It really depends on what we feel like doing. Sometimes, we’ll go on an adventure to go skiing or a day trip to some place fun. Or we’ll go get groceries, or shopping for other essentials, or go to the gym. Sometimes, we’ll give ourselves the day off and just stay in our jammies all day, snuggle, and watch Moana or Frozen. The simplest time can be the most memorable, and I cherish these snuggles so much. Sometimes, we’ll have special time with Maddy, one on one, where either my husband will take her for the day or I will and we’ll give each other some alone time. The alone time is crucial for our sanity, and the one on one time, is so special for the other. One of us is recharging our batteries and having some much needed quality time with ourselves, while the other is having some bonding time with our little girl. It’s a win win, really!
Nap time is, admittedly, inconsistent during the weekends, but it does happen. Whether or not she nurses depends on where she is. If she’s in the car she won’t ask to nurse, but if we are home, I lay with her and nurse while she drifts off.
This has been a spot where it can get a little difficult. Some days she will be fine and nurse for a little bit then sleep for three hours. Other days she will only nap for a little bit or will nap just fine as long as she is nursing for two to three hours straight. I’m afraid I’m not doing too well in this department as I’m still trying to mother through breastfeeding, but some days just want her to sleep… on her own… like she does at school. We’re working on it, but the long and the short of it is, I still follow her lead and I will still refuse to let her cry. So if I have to nurse for an hour then I nurse for an hour. I know that won’t work for everyone, and some days it doesn’t work for me. But we’re getting to the point where that is rare, so we’re making progress. 😉
And as most of the days go, they go by too fast, and before we know it we’re having supper again. But still in our favorite spot with no distractions and we talk about our day.
And our night time routine is the same, unless we’ve stayed in our jammies and had little to no activity I’ll forego the tubby and we’ll just let her play for some extra time.
The Rare Normal
For the majority of the time, we are getting to the point where having issues at night or night waking are becoming rare. BUT, every once in a while we’ll have an “off” day or night and it’s completely normal.
By evidence of the above, you can probably see that we are also getting to the point where she only wants to nurse right before bed, especially on the weekdays when she sleeps at school for nap time. BUT, every once in a while we’ll have a weekend day or an evening when she wants to nurse all day or the second she sees me after school.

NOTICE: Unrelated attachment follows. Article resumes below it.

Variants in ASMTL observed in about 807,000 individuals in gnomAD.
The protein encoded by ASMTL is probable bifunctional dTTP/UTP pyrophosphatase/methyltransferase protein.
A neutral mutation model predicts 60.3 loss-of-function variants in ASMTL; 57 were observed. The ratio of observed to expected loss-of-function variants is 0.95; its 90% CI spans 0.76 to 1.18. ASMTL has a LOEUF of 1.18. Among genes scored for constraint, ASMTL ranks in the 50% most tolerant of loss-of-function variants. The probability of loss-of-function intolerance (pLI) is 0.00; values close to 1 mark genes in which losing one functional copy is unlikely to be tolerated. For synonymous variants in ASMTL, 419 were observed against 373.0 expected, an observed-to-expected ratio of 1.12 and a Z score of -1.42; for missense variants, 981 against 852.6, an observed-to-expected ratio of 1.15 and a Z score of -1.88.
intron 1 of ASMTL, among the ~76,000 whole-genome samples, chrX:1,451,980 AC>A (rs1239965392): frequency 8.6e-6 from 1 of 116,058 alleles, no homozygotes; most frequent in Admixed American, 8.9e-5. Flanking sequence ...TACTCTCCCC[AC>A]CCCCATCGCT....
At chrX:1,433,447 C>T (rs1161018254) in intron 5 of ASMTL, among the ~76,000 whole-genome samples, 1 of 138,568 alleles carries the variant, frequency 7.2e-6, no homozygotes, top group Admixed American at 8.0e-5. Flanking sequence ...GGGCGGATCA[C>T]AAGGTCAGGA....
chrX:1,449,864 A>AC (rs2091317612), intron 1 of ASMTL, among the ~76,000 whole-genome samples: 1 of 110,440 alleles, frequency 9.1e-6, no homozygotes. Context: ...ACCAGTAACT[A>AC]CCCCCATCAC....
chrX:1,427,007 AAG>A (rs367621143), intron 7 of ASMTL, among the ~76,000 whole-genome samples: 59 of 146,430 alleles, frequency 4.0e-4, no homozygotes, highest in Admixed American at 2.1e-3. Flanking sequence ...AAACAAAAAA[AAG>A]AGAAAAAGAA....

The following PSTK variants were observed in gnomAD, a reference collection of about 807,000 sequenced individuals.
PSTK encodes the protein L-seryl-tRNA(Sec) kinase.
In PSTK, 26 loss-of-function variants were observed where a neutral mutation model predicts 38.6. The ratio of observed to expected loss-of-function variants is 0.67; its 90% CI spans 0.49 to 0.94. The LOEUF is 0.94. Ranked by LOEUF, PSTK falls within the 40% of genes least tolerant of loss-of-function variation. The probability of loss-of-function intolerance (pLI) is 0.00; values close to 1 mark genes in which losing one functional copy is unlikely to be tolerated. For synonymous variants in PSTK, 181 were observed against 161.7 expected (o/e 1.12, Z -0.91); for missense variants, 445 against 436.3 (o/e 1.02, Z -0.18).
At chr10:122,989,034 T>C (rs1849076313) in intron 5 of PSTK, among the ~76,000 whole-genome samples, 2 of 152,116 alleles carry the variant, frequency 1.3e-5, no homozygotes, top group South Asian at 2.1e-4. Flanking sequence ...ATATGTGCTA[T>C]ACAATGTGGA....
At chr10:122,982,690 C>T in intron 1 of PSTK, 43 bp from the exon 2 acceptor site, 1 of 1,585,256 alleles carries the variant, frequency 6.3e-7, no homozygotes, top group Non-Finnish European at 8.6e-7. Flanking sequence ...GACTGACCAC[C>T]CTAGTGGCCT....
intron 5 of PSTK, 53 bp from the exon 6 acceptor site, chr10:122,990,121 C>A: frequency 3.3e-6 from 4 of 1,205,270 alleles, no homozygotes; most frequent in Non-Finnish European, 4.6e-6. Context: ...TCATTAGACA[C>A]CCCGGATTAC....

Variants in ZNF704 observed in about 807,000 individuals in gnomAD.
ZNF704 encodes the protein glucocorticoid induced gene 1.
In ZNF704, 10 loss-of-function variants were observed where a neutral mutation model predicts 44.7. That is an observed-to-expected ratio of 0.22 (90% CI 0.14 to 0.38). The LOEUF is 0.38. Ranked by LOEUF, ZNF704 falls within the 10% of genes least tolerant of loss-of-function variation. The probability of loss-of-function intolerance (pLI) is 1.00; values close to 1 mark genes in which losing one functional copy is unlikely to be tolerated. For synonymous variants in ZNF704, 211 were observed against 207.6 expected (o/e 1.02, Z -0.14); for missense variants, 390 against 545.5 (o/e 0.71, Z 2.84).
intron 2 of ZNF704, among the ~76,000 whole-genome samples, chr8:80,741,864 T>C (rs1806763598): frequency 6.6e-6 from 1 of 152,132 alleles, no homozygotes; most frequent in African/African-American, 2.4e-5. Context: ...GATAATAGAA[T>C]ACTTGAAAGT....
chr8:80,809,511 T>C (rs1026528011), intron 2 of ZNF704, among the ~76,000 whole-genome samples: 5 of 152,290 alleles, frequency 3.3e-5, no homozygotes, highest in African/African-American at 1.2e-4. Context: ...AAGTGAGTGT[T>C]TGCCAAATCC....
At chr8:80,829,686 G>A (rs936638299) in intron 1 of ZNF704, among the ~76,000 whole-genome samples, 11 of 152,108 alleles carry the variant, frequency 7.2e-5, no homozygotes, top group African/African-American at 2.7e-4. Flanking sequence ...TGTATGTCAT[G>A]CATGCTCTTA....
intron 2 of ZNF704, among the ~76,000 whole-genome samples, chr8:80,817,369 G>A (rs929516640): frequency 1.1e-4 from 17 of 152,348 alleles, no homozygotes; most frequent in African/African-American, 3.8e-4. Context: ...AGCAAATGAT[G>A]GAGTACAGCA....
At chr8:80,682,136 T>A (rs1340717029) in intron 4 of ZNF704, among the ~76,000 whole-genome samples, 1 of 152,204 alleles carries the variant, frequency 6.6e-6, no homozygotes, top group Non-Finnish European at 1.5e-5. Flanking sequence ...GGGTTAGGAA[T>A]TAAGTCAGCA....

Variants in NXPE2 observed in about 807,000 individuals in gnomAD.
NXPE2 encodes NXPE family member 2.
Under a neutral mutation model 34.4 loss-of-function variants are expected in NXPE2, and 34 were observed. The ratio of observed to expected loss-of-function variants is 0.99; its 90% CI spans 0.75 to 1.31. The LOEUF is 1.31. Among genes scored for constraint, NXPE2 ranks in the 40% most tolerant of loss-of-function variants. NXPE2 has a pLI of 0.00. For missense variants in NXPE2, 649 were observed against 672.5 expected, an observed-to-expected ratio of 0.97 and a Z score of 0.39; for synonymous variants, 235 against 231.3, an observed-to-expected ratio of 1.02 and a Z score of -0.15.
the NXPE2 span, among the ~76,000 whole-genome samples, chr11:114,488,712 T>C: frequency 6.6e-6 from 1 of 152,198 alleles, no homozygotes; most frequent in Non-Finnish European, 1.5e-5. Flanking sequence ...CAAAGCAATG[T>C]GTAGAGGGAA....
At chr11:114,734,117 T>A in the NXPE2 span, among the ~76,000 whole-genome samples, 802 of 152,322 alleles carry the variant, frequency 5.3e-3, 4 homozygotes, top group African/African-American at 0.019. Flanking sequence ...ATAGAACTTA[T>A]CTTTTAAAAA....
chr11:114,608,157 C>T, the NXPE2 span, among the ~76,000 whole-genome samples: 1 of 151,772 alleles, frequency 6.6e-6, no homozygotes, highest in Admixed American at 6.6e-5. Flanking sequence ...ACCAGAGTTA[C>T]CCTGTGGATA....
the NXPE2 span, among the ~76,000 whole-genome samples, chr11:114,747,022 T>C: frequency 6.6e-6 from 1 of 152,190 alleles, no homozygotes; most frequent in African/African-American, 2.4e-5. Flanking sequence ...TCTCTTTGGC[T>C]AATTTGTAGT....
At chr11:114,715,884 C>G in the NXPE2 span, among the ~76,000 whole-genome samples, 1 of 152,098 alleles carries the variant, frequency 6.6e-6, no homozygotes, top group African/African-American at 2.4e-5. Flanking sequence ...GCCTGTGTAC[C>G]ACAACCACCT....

Some will say to set limits at this age and to not cater to nursing “on demand” anymore.
I tend to disagree with this, because this, simply put, doesn’t work for me and doesn’t feel natural.
For the most part, if my baby, OK my big girl, wants to nurse, I nurse her – it’s as simple as that. If you want to label it I guess you could say I’m practicing, the “Don’t Ask, Don’t refuse” style of weaning. I simply say, “I’m going with the flow.”
I did try to set consistent limits on it once. She wanted to nurse right before dinner. We were sitting down to eat and she asked to nurse. I tried to say no and stay firm. She had a melt down that, in a word, SCARED me. I ended up nursing her anyway, and it took me a while to calm her down. I’ll never put either of us through that again. So now, when she asks to nurse (even if it’s right before dinner) I will nurse her and just start to eat. I have found that, by doing this, she sees my food and her plate waiting for her, and she gets bored with nursing and asks to sit in her chair to eat. It’s worked out VERY well this way.
I DO say, “No.”
Now all that being said, there ARE times when I will say, “No.” At her age, there are times when she is wanting to nurse because she needs to, and times when she wants to nurse because she is being a two year old and testing limits. Nursing, over all, is comforting and I will, most of the time, nurse her if asked. But I, as her mother, can absolutely tell when I can set a limit because she is simply testing.
This is where RIE parenting comes in very handy.
Roll With It
I know, I know. I’m inconsistent. I’m contradictory in this very post, but you know what? Every day is different. Every situation is different, and we as parents are the ones to determine what works best at a particular time, a particular place and a particular place in time.
We learn to adapt, roll with it, change our minds, and be completely flexible when it comes to parenting, because if we weren’t we’d go insane.
“This too shall pass” is one of the most well known phrases for a reason, after all.
If we aren’t flexible, we’ll break.
So let it be, and ride the wave my friend. The waves are ever-changing, but if we let them, they can be the best ride of our life.